The Tour of Norway passed close to my doorstep on Wednesday this week. Being I am a big cycling fan I placed myself where I knew they would have to take a sharp lefthand turn. I lay in the grass with my camera ready and shot off a load of images. After the leaders and the main Peloton had blasted past a domestique from the Uno-X team came past, his hunched back carrying several water bottles for his thirsty team mates. He threw his empty bottle away and that was my souvenir of the day…plus this shot. So whomever you were (I didn’t get your number) thank you.
I little while ago I attend a lecture given by fellow member of society I happen to also be a member of here in Norway. The subject was Scottish Basket hilted swords. I think this shot captures his passion for his subject and,collection .
So you want to get close-up and personal with your subject. However you haven’t the funds to purchase that macro lens. Well there is hope, and a much cheaper solution to get you closer. I’m talking about the humble reversing ring. Cheap and cheerful and it does a good job if used correctly. What is a reversing ring? Well as the name implies it enables you to mount a lens reversed onto your camera housing. You screw the ring onto the filter thread of your lens and there is a bayonet mount to attach the lens to the camera. You have to order the one that
1. Is the same size thread as your lens, and
2. Is the right type for your make of camera.
While on the subject of lenses. I use an old manual focus lens or an old autofocus lens that has an aperture ring If you haven’t got one all is not lost you can use a G type lens you just haven’t got an idea of what aperture you are using. I have found that a 28mm lens is a good place to start. Although I have used a 50mm without problems. It’s all to do with ratios and the like. Anyway as it’s the picture that is important I won’t go into that side of things so just trust me. The choice of lens will however affect your working distance to your chosen subject.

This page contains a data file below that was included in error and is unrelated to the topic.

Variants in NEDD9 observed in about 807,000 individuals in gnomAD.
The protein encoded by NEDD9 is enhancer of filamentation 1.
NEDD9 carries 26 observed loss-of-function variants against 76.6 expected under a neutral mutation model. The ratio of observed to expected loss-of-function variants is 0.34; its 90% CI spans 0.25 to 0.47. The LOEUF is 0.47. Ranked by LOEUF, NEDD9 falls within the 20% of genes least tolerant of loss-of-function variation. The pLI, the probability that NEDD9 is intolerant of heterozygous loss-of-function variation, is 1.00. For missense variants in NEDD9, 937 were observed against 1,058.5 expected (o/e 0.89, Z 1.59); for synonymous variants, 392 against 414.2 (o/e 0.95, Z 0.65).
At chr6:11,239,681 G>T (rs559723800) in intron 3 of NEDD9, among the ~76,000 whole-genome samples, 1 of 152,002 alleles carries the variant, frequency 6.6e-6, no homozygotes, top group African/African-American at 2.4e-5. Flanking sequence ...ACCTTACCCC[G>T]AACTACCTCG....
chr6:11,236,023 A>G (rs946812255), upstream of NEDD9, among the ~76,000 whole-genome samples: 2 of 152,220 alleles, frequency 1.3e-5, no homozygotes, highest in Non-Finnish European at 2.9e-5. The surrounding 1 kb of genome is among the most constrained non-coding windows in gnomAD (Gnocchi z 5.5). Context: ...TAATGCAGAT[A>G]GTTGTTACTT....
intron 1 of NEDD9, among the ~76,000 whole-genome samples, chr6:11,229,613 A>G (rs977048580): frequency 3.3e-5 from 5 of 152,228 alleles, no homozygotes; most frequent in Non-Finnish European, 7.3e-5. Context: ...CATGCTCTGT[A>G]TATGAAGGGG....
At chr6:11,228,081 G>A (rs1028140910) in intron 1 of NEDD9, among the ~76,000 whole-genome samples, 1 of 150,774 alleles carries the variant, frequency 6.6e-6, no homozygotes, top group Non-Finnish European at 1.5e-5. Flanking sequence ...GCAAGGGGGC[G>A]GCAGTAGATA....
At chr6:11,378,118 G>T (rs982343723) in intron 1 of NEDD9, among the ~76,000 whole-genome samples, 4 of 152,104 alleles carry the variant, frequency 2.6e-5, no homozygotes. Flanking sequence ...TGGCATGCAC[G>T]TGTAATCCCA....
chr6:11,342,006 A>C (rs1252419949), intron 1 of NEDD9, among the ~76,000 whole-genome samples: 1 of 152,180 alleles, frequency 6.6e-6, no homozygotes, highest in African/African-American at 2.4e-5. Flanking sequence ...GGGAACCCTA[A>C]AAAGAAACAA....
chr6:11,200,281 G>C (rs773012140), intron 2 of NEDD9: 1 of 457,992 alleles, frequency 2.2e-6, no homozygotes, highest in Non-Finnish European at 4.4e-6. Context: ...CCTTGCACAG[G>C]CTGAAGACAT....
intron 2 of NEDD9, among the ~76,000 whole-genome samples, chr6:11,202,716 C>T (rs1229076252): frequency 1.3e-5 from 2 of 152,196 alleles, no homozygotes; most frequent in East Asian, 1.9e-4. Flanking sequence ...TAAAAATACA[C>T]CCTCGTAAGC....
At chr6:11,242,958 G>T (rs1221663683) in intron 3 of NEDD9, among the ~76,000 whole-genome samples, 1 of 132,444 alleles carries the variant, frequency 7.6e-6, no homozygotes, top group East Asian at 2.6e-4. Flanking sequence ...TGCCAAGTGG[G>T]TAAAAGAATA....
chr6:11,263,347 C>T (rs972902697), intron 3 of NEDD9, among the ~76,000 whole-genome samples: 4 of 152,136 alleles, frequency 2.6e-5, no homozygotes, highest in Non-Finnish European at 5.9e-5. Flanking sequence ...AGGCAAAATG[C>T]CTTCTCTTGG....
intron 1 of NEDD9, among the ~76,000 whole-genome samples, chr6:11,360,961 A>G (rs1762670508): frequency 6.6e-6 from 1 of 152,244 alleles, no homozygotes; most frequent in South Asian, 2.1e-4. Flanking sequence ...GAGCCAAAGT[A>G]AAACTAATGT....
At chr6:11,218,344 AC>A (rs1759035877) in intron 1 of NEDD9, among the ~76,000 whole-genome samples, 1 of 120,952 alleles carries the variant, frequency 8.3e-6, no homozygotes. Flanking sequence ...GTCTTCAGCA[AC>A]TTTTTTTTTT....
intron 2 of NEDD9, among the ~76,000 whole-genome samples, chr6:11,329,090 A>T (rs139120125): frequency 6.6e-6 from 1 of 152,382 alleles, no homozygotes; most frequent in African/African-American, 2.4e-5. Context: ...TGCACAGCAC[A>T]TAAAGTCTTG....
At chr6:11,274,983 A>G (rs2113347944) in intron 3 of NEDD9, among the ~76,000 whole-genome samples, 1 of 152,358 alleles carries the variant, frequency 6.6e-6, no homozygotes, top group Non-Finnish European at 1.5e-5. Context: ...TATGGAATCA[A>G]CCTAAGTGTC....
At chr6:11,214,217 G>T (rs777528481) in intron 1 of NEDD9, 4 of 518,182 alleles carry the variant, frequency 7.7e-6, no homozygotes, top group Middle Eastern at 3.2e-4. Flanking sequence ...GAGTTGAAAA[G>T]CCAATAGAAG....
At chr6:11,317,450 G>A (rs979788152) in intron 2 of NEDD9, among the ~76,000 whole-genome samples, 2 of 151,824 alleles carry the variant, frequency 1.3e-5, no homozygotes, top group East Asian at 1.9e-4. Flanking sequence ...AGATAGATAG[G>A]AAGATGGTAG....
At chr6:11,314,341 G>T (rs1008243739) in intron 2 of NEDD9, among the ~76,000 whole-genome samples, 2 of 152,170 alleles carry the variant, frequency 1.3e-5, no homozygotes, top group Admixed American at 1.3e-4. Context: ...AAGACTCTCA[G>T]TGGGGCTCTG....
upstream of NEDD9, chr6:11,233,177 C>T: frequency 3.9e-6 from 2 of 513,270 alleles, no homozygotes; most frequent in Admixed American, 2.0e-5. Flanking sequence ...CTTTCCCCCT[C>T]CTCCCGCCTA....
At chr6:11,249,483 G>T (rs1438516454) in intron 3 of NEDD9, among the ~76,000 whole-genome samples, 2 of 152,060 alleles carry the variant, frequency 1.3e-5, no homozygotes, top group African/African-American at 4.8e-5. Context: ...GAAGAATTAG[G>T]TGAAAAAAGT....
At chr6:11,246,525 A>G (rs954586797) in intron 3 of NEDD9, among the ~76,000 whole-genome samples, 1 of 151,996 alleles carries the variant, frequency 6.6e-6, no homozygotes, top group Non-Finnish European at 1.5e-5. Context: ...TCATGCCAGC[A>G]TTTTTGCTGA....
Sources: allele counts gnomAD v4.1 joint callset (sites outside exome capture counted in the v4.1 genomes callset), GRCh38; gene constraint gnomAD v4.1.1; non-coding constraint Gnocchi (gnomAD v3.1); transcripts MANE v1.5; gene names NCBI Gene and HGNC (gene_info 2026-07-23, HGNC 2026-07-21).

So how do you work the aperture of your lens? The aperture on your lens is spring loaded so that your aperture will in effect be f22 when mounted and when you look through your viewfinder or at your live view screen you will see a darker image than what you are used to. However by locating the aperture control lever on the lens you can open the aperture manually for composing and focusing your shot. This can be tricky to do, you can tape the lever open or Blu-Tac it. I prefer to hold it open and move the camera into focus. I then close the aperture to the desired value and adjust the manual settings on my camera to match the measured light and bracket my exposures. It’s a bit of a fiddle but you are rewarded for your efforts.
So to sum up the humble reversing ring is a cheap and cheerful introduction to the word of close up photography. You can get good results. The title shot and the orchid below are a couple taken with an old manual focus Sigma 28mm lens from the 80’s.
I'm Martin, a amateur photographer from England that likes to shoot street photography, landscapes, seascapes and odd image of dogs on digital as well as film. I use a Leica M-P (Typ-240) with a Summilux 50mm f/1.4 ASPH lens and a 1959 Leica M3 single stoke with Summicron 50mm duel range lens. My blog was formerly known as 'The 35mm Shootist'
A blog for my interest in film photography, 'classic' cameras and legacy lenses. A randomly changing display of some of my film cameras, from old folders and pocket Olympus to Mamya Press, is dispayed above when the blog is opened